It combined features of ancient Roman and Byzantine buildings known for their massively thick walls, round arches, sturdy pillars, barrel vaults, massive towers, and decorative arcading. In the 12th century, it evolved into the Gothic style, which is marked by pointed arches.

Romanesque architecture was the first pan-European architectural style since Imperial Roman architecture. The Romanesque style in England is referred to as Norman architecture.

Gothic architecture

Gothic architecture is an architectural style that flourished in Europe during the High and Late Middle Ages. It evolved from Romanesque architecture and was succeeded by Renaissance architecture.

Originating in 12th-century France and lasting into the 16th century, Its characteristics include the pointed arch, the ribbed vault, and the flying buttress.

Gothic architecture is the architecture of many of Europe’s current great cathedrals, abbeys, and churches.

Gothic revivals began in mid-18th-century England, which spread through 19th century Europe and continued, mainly for religious and university structures, into the 20th century.

Gothic Art

Gothic art was a medieval art style that developed in Northern France out of Romanesque art in the 12th century. It spread to all of Western Europe and much of Southern and Central Europe.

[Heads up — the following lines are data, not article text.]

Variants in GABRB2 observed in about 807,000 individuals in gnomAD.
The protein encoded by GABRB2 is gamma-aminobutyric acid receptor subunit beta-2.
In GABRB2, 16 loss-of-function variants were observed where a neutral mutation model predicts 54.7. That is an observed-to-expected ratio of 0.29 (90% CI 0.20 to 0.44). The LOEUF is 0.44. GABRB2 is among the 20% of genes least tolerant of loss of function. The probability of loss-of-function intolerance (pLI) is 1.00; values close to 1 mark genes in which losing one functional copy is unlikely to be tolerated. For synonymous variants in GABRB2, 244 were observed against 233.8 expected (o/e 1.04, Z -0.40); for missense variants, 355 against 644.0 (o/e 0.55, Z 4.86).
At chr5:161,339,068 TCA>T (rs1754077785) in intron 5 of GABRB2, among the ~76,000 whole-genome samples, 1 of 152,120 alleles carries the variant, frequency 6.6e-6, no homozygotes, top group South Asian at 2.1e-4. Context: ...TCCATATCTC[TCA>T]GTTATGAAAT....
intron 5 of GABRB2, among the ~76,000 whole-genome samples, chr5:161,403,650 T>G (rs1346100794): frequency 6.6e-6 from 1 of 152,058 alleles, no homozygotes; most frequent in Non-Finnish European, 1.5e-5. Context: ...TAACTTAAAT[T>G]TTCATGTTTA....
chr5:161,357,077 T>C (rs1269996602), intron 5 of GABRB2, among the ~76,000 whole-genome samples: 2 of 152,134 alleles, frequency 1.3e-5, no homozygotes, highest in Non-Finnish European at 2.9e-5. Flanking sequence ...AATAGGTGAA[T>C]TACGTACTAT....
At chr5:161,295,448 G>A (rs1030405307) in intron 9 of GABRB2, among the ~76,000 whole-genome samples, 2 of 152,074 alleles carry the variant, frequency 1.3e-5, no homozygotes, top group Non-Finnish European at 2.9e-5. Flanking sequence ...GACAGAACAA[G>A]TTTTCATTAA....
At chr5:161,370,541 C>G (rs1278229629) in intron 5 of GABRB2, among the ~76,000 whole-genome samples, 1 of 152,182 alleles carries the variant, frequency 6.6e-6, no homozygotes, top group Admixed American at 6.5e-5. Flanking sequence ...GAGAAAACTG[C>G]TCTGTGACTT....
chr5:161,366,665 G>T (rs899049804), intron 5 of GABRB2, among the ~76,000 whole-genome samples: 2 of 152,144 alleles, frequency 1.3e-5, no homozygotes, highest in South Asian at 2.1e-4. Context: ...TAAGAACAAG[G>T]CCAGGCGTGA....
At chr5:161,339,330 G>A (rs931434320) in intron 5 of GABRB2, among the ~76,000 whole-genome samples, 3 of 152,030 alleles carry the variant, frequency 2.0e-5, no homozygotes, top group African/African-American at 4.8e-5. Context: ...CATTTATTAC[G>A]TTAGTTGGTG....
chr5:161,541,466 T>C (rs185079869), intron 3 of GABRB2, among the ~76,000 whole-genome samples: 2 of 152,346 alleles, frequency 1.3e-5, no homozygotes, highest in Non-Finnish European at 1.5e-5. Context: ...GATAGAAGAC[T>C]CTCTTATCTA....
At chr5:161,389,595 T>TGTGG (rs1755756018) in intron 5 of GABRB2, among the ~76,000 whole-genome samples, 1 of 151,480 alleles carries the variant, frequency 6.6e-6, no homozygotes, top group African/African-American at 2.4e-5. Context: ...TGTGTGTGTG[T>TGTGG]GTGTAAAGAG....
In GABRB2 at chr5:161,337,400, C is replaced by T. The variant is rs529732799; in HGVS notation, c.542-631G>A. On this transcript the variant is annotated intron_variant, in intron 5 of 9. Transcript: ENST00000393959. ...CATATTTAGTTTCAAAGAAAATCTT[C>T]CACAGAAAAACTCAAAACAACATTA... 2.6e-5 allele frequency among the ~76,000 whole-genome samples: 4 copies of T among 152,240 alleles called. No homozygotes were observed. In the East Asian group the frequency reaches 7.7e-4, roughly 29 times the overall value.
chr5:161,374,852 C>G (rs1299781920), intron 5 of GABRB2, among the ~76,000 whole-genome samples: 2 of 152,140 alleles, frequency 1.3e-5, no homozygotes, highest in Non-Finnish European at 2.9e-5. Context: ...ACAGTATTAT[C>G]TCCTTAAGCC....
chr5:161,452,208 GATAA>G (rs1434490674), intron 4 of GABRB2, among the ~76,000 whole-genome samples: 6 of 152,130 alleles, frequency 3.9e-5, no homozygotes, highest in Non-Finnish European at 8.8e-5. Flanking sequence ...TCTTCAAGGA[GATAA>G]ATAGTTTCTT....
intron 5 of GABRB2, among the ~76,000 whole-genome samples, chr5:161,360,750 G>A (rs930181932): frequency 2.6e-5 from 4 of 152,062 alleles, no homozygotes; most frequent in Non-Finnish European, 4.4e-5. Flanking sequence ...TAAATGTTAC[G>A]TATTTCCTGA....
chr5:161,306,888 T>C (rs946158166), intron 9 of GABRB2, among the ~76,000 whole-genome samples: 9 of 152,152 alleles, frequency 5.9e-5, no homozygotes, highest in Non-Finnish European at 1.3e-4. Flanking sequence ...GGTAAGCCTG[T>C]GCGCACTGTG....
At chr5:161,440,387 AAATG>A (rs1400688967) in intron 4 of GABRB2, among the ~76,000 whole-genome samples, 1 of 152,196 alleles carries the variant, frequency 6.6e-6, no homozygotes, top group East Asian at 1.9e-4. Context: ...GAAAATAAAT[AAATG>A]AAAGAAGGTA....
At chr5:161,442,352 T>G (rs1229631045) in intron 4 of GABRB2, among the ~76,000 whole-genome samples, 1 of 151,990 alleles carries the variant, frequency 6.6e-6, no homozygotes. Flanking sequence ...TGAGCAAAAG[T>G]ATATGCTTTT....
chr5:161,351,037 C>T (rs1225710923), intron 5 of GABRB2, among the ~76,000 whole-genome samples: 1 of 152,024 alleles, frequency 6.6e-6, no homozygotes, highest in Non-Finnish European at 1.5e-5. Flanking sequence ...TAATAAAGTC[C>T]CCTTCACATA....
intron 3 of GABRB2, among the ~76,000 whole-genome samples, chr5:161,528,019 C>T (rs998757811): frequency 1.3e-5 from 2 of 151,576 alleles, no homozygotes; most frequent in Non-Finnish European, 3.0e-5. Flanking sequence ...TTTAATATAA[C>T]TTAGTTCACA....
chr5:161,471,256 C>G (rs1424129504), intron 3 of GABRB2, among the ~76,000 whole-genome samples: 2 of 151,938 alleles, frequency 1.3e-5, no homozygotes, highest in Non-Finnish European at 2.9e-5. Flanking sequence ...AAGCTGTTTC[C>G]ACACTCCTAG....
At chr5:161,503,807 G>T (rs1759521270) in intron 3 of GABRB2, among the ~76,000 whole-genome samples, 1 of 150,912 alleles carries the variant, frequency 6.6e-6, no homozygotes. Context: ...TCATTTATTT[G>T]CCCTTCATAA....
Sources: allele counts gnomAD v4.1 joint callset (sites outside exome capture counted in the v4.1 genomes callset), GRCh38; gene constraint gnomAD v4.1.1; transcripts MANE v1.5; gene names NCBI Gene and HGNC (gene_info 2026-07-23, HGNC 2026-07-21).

Art in the Gothic period included sculpture, panel paintings, stained glass, frescos, and illuminated manuscripts. The earliest Gothic art was a monumental sculpture on the walls of Cathedrals and Abbeys.

In Gothic art, the Virgin Mary’s images changed from the Iconic Byzantine form to a more human and affectionate mother, cuddling her infant and showing the refined manners of a well-born aristocratic lady.

The MET Cloisters

  • Museum:      The MET Cloisters
  • City:              New York
  • Country:        United States
  • Established:  1938
  • Type:             Medieval Art Museum, Romanesque Architecture, Gothic architecture
  • Location:       99 Margaret Corbin Drive, Fort Tryon Park, Manhattan, New York City

The MET Cloisters – Map

The MET Cloisters – Virtual Tour

The MET Cloisters – Virtual Tour

The MET Cloisters – Virtual Tour

A Virtual Tour of Museums in New York

The Met 360° Project: The Met Cloisters

Glories of Medieval Art: The Cloisters

A Medieval Tour At The Met Cloisters

The Cloisters Museum and Gardens: Behind the Scenes


“Let us be grateful to people who make us happy. They are the charming gardeners who make our souls blossom.”
– Marcel Proust


Photo Credit: 1) JOM